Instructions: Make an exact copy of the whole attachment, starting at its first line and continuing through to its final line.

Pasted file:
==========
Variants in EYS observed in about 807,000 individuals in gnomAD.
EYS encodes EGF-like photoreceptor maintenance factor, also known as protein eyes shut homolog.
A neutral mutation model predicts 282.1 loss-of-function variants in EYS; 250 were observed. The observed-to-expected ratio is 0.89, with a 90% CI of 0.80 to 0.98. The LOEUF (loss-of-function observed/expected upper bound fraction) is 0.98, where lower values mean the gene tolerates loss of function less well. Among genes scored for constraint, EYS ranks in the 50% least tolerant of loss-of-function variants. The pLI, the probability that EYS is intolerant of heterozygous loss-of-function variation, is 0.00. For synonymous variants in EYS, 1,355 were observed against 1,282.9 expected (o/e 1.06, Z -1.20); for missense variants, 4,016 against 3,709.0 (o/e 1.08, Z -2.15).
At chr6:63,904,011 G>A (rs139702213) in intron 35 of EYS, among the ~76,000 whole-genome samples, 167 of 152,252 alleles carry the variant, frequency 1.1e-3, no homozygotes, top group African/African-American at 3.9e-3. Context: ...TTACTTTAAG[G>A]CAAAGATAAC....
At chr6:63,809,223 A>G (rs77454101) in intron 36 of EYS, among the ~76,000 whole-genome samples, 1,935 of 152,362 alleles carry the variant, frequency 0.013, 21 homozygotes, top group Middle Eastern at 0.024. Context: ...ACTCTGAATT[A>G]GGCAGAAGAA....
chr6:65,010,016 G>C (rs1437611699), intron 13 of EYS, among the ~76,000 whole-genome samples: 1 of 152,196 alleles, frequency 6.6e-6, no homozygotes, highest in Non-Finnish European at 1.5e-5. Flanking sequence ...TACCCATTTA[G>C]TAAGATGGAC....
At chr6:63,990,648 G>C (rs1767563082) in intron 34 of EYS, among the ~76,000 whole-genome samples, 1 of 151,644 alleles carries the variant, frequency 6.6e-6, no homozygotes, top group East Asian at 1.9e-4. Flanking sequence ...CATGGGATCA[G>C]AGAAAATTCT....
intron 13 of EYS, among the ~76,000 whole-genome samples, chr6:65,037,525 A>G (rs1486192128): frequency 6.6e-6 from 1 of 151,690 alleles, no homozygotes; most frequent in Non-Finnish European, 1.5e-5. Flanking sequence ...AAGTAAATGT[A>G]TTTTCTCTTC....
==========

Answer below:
Variants in EYS observed in about 807,000 individuals in gnomAD.
EYS encodes EGF-like photoreceptor maintenance factor, also known as protein eyes shut homolog.
A neutral mutation model predicts 282.1 loss-of-function variants in EYS; 250 were observed. The observed-to-expected ratio is 0.89, with a 90% CI of 0.80 to 0.98. The LOEUF (loss-of-function observed/expected upper bound fraction) is 0.98, where lower values mean the gene tolerates loss of function less well. Among genes scored for constraint, EYS ranks in the 50% least tolerant of loss-of-function variants. The pLI, the probability that EYS is intolerant of heterozygous loss-of-function variation, is 0.00. For synonymous variants in EYS, 1,355 were observed against 1,282.9 expected (o/e 1.06, Z -1.20); for missense variants, 4,016 against 3,709.0 (o/e 1.08, Z -2.15).
At chr6:63,904,011 G>A (rs139702213) in intron 35 of EYS, among the ~76,000 whole-genome samples, 167 of 152,252 alleles carry the variant, frequency 1.1e-3, no homozygotes, top group African/African-American at 3.9e-3. Context: ...TTACTTTAAG[G>A]CAAAGATAAC....
At chr6:63,809,223 A>G (rs77454101) in intron 36 of EYS, among the ~76,000 whole-genome samples, 1,935 of 152,362 alleles carry the variant, frequency 0.013, 21 homozygotes, top group Middle Eastern at 0.024. Context: ...ACTCTGAATT[A>G]GGCAGAAGAA....
chr6:65,010,016 G>C (rs1437611699), intron 13 of EYS, among the ~76,000 whole-genome samples: 1 of 152,196 alleles, frequency 6.6e-6, no homozygotes, highest in Non-Finnish European at 1.5e-5. Flanking sequence ...TACCCATTTA[G>C]TAAGATGGAC....
At chr6:63,990,648 G>C (rs1767563082) in intron 34 of EYS, among the ~76,000 whole-genome samples, 1 of 151,644 alleles carries the variant, frequency 6.6e-6, no homozygotes, top group East Asian at 1.9e-4. Flanking sequence ...CATGGGATCA[G>C]AGAAAATTCT....
intron 13 of EYS, among the ~76,000 whole-genome samples, chr6:65,037,525 A>G (rs1486192128): frequency 6.6e-6 from 1 of 151,690 alleles, no homozygotes; most frequent in Non-Finnish European, 1.5e-5. Flanking sequence ...AAGTAAATGT[A>G]TTTTCTCTTC....